Don’t throw away those hole filled, stained ,clothes or fabrics that have come well past their time of usefulness!
In times past, cloth was expensive, and to waste it was unheard of, which is how we ended up with quilts constructed of flour and feed sacks, as well as another useful innovation: the rag rug.
Our great grandmothers would save the fabrics too far gone for quilts, but too nice for dust-rags, and give them a new life, as a rag rug.
Today I am going to tell you how to make one of your very own.
What do you need?
*Old clothes, sheets, towels, or any fabrics that no longer serve their intended function.
*Sharp needle of a middle-heavier gauge depending on fabrics being used, if you are using denims consider an upholstery needle.
*A clip, bent hairpin, rubber band or other item to hold the end of your braid
To start, cut strips out of your fabrics, depending on type and condition of fabrics, try to make your strips down the longest side and around 2-4 inches wide. If your fabric is short, cut short strips and sew them together to form one longer one. Your goal is to end up with three strips at least a yard long each..they can be longer, but I strongly discourage shorter, if your fabrics are too short, sew end to end to end, straight stitches across the 2-4 inch surface joining it to the next, and so on, until you have what you desire, you can also use this method if you wish your rug to have a varied color pattern, by sewing strips of varied colors to each other.
Now, for a ‘professional ‘ look, you can make fabric tubes before you braid, turn them inside out (like pillows )with the seam facing inward, so that you won’t get frayed threads poking out.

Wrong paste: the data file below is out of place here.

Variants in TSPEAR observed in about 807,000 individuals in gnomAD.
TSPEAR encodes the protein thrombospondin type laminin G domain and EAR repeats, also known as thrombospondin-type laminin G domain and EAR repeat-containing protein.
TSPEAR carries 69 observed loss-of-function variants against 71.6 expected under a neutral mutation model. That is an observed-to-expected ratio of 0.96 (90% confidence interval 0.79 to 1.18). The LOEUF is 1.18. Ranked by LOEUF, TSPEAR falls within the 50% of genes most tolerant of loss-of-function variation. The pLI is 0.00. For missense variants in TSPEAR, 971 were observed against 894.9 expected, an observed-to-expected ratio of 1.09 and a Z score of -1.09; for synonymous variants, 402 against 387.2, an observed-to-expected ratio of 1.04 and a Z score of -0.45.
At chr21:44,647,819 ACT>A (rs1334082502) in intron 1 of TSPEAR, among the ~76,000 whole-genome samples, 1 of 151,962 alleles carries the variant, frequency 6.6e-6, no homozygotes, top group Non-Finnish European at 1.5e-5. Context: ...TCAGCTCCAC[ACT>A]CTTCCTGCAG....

For those of you who could care less about the frayed look, take your three strips and bind the top edges of all three together with a tidy straight stitch. This will be the beginning of the rug. You can now have someone hold the end, place something heavy on it, clip it to something, whatever, and start braiding from the closest to your top seam as you can, trying to keep your braid tight but not tighter than you’d plait your own hair. Braid to within three inches of the bottom and secure to avoid unraveling. Now take your top edge and roll it towards itself on a flat surface, like a honey bun. Taking your needle and thread, sew on the desired underside, binding edge to edge where they touch, you can use any stitch you please, most use a zigzag pattern, but whatever you know, continue rolling and sewing until your rug looks like a honey bun and is secured with thread along the ‘seams’ between the braids. When you get to your loose ends, stop, do not secure them, you will sew future strips to them and continue your braid. To add onto your rug sew the next three strips to the ends of your prior strips, tucking them neatly and flatly together, secure them with several stitches each, one strip for each loose end (3) of equal length to each other. If you have unequal ends from your original braid, trim them even to each other before securing your new strips to them. Remove clips and continue your braid as you did before, leaving 2-3 inches at the end. Secure in ‘honeybun’ fashion as before, rolling the new braid around as flat as possible and securing along the seams where the braids touch until all but your loose ‘lead ‘ pieces are bound up.Continue process for next pieces. You can make your rug as big or as little as you please, depending only on your scrap fabric and patience level. When your rug has reached the diameter that pleases you, bind it up like normal until you reach your lead pieces, you will now sew these together as flat as possible on the ends and roll your flat ends upward towards the honey bun until they butt against your last binding seam..bind them against the rug as flat as possible. You can also cheat and sew your end to the bottom side of the rug, but heavy foot traffic may wear them loose again.
A variety of cloth colors and textures will make the rug interesting and colorful , much like its cousin quilts.
I hope this helps you to put good use to all those ‘trash’ fabrics.